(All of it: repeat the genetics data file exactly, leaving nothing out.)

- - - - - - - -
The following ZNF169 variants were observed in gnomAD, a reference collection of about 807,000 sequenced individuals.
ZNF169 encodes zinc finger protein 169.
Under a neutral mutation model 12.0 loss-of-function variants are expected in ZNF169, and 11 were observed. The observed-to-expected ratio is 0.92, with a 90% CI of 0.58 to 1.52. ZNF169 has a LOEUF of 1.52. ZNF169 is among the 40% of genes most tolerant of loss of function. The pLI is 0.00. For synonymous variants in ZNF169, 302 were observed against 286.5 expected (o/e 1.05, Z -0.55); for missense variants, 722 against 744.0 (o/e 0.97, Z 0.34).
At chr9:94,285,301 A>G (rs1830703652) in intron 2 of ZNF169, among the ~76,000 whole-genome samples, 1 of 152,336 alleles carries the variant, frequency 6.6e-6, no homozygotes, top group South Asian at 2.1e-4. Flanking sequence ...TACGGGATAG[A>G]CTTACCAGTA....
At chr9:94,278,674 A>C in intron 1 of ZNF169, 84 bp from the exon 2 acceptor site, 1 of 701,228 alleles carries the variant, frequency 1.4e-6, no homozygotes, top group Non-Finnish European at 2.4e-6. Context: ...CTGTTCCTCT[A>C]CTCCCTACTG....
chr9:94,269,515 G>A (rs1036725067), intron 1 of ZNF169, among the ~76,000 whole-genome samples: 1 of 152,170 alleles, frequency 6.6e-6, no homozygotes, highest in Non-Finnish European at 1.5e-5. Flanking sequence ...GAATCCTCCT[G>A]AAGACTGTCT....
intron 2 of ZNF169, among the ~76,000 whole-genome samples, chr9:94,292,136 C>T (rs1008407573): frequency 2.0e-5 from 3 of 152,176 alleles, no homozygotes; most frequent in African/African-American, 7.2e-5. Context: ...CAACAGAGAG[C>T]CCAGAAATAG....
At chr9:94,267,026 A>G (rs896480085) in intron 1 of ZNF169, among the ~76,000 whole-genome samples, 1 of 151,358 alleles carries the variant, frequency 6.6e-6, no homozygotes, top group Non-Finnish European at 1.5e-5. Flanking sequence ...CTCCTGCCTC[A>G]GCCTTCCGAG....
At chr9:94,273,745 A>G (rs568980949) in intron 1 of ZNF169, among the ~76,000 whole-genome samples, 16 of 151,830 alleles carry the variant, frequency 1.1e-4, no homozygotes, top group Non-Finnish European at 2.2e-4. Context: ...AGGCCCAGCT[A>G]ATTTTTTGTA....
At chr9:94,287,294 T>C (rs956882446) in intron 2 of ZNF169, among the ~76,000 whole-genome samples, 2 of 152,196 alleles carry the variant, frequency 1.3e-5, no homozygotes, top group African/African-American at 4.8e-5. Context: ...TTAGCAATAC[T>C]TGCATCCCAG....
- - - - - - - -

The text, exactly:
The following ZNF169 variants were observed in gnomAD, a reference collection of about 807,000 sequenced individuals.
ZNF169 encodes zinc finger protein 169.
Under a neutral mutation model 12.0 loss-of-function variants are expected in ZNF169, and 11 were observed. The observed-to-expected ratio is 0.92, with a 90% CI of 0.58 to 1.52. ZNF169 has a LOEUF of 1.52. ZNF169 is among the 40% of genes most tolerant of loss of function. The pLI is 0.00. For synonymous variants in ZNF169, 302 were observed against 286.5 expected (o/e 1.05, Z -0.55); for missense variants, 722 against 744.0 (o/e 0.97, Z 0.34).
At chr9:94,285,301 A>G (rs1830703652) in intron 2 of ZNF169, among the ~76,000 whole-genome samples, 1 of 152,336 alleles carries the variant, frequency 6.6e-6, no homozygotes, top group South Asian at 2.1e-4. Flanking sequence ...TACGGGATAG[A>G]CTTACCAGTA....
At chr9:94,278,674 A>C in intron 1 of ZNF169, 84 bp from the exon 2 acceptor site, 1 of 701,228 alleles carries the variant, frequency 1.4e-6, no homozygotes, top group Non-Finnish European at 2.4e-6. Context: ...CTGTTCCTCT[A>C]CTCCCTACTG....
chr9:94,269,515 G>A (rs1036725067), intron 1 of ZNF169, among the ~76,000 whole-genome samples: 1 of 152,170 alleles, frequency 6.6e-6, no homozygotes, highest in Non-Finnish European at 1.5e-5. Flanking sequence ...GAATCCTCCT[G>A]AAGACTGTCT....
intron 2 of ZNF169, among the ~76,000 whole-genome samples, chr9:94,292,136 C>T (rs1008407573): frequency 2.0e-5 from 3 of 152,176 alleles, no homozygotes; most frequent in African/African-American, 7.2e-5. Context: ...CAACAGAGAG[C>T]CCAGAAATAG....
At chr9:94,267,026 A>G (rs896480085) in intron 1 of ZNF169, among the ~76,000 whole-genome samples, 1 of 151,358 alleles carries the variant, frequency 6.6e-6, no homozygotes, top group Non-Finnish European at 1.5e-5. Flanking sequence ...CTCCTGCCTC[A>G]GCCTTCCGAG....
At chr9:94,273,745 A>G (rs568980949) in intron 1 of ZNF169, among the ~76,000 whole-genome samples, 16 of 151,830 alleles carry the variant, frequency 1.1e-4, no homozygotes, top group Non-Finnish European at 2.2e-4. Context: ...AGGCCCAGCT[A>G]ATTTTTTGTA....
At chr9:94,287,294 T>C (rs956882446) in intron 2 of ZNF169, among the ~76,000 whole-genome samples, 2 of 152,196 alleles carry the variant, frequency 1.3e-5, no homozygotes, top group African/African-American at 4.8e-5. Context: ...TTAGCAATAC[T>C]TGCATCCCAG....